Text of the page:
I don't remember where Matt and Karen were in their relationship at this time. It's hard to keep track of their romance through the years, especially during the 300s when the comic was bad more often than it was good. I'm going to assume that they were on a break.

I also don't know what Rosalind was up to by throwing Foggy on the air to Karen's show. Karen didn't seemed fazed by her long-time friend calling in to a show she didn't tell him about. Is it because Sharpe wants to make clear to Karen that she knows she works for a station owned by Fisk? At this point are we the readers knowledgeable of that fact? Sharpe's stunt with Foggy didn't seem to accomplish anything.

Kesel's run on Daredevil wasn't the most ambitious, but I remember it being a lot of fun. He was good at providing our hero with thrilling monthly adventures, and this issue shows he could inject a good dose of heart into it. I give this a four out of five.
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Mike Murdock
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Joined: 08 Sep 2014
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PostPosted: Mon Apr 15, 2019 7:39 pm    Post subject: Reply with quote

In many ways, this is a day in the life type issue, similar to Daredevil #304. A lot of the issue focuses on Matt wondering what Karen is doing. I like that he has the power to find out but is doing his best not to use his powers to his advantage. The two characters have had such rough patches between them that I like that they're going for a relationship built on trust and respect. There are hints throughout the story as Matt thinks he's hearing Karen.

We cut to Karen as Paige Angel on the radio. It's a great format to explore who Daredevil is as a character and how he's seen. It's also a good opportunity for some in-jokes, such as Peter in Queens. It also references past events - the times he's faked his death, the Fatboy sidekicks from Nocenti's run.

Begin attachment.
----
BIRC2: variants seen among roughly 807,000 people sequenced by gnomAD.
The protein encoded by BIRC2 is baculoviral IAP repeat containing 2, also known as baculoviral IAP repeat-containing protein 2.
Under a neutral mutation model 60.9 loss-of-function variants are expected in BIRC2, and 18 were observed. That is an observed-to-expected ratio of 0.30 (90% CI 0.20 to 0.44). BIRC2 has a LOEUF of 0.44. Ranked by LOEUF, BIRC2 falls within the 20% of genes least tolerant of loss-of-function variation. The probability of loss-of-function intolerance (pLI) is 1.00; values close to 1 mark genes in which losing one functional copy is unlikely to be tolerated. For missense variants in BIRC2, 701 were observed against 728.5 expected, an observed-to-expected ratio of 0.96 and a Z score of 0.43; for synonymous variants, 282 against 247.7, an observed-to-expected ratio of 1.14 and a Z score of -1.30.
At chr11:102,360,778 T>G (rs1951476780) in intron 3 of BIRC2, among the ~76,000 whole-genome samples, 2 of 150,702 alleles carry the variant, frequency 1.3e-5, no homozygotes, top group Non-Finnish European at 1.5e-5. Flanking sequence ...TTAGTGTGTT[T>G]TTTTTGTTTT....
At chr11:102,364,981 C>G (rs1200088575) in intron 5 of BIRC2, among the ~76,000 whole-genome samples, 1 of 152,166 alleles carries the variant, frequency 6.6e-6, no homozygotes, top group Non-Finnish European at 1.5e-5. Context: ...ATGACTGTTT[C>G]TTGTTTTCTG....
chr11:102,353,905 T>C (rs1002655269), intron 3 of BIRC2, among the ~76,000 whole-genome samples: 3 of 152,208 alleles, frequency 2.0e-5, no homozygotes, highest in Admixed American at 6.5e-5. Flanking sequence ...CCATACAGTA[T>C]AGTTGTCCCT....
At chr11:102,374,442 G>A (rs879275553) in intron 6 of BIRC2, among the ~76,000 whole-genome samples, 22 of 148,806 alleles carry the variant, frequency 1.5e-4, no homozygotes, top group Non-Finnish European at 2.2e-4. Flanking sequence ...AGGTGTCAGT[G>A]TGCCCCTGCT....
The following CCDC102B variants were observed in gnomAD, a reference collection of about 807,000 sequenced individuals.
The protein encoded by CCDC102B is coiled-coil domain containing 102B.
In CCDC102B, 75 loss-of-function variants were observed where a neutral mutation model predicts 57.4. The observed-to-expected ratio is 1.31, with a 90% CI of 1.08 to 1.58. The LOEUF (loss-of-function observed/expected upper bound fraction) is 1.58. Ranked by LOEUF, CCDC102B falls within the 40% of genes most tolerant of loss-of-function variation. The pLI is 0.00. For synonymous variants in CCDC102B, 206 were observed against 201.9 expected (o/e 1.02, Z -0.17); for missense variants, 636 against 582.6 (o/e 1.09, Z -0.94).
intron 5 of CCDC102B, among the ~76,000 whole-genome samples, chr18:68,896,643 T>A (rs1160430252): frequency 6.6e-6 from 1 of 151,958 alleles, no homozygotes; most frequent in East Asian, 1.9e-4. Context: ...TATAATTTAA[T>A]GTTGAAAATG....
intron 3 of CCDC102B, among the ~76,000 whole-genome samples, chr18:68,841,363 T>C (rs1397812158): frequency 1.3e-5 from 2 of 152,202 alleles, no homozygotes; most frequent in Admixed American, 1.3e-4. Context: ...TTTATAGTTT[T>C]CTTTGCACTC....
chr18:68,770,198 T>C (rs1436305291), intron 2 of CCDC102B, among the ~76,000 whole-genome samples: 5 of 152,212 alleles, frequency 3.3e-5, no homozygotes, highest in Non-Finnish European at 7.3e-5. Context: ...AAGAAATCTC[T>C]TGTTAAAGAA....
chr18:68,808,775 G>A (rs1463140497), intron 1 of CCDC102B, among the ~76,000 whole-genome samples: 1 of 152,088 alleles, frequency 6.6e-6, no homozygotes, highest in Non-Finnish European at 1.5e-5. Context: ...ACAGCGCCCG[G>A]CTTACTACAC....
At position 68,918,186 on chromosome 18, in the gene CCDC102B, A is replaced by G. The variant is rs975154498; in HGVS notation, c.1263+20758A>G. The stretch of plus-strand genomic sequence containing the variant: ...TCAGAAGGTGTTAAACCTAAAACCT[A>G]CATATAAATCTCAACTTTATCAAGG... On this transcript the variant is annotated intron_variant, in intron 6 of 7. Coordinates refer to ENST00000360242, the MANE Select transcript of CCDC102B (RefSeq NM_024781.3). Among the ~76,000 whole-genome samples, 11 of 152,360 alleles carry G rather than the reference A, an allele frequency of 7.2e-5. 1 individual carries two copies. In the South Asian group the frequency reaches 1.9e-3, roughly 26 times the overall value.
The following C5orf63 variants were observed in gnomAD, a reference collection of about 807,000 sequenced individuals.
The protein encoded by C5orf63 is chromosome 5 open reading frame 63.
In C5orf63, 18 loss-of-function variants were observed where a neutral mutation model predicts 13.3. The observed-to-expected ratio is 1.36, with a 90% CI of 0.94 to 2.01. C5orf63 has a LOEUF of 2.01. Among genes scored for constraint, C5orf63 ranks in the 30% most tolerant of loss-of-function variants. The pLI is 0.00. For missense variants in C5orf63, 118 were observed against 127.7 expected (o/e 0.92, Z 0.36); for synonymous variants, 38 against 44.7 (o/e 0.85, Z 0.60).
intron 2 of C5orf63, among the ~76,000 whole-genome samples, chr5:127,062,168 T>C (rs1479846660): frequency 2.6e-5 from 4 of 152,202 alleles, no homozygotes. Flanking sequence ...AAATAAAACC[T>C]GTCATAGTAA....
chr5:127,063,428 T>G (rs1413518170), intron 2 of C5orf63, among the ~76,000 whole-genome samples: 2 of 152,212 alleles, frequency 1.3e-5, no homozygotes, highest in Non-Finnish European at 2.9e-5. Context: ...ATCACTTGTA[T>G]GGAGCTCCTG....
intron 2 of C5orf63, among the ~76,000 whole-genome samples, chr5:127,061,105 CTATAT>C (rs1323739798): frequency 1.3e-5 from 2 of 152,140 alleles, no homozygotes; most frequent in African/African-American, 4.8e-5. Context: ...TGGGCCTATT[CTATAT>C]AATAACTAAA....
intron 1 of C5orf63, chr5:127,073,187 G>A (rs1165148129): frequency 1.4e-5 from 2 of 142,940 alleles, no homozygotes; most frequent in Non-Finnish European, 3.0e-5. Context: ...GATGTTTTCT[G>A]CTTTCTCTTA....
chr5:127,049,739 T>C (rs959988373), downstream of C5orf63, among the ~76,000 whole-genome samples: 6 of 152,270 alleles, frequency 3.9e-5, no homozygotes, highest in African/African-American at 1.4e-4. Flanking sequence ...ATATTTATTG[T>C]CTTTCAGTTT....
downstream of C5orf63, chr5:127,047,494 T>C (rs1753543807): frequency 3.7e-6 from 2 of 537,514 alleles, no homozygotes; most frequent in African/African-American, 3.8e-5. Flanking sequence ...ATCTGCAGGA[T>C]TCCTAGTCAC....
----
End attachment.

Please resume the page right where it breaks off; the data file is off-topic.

The actual Daredevil story is very inconsequential, but it's a good backdrop for everything else. It's essentially Daredevil doing a good deed. The big event is when "Mike" calls in and asks Karen what she thinks of him. It's a nice little character moment. It's set in the background of Onslaught but it finds a way to give hope.

Four Stars. It's a light, simple story, but it hits all the emotional beats. I'm a big fan of Cary Nord's art, so that's a big plus as well.

I did say somber. It's less somber than I remembered it, but it does have a very sweet, subdued quality.
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I'd give the Devil benefit of law, for my own safety's sake!
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Mike Murdock
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Joined: 08 Sep 2014
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PostPosted: Sat Apr 20, 2019 10:37 pm    Post subject: Reply with quote

Posting it a bit early.

Daredevil Vol. 1 #360 - Alone Against the Absorbing Man



Quote:
DD battles for his life against the Absorbing Man; Matt and Karen learn that Rosalind is really Foggy's mother.


Due 4/28
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I'd give the Devil benefit of law, for my own safety's sake!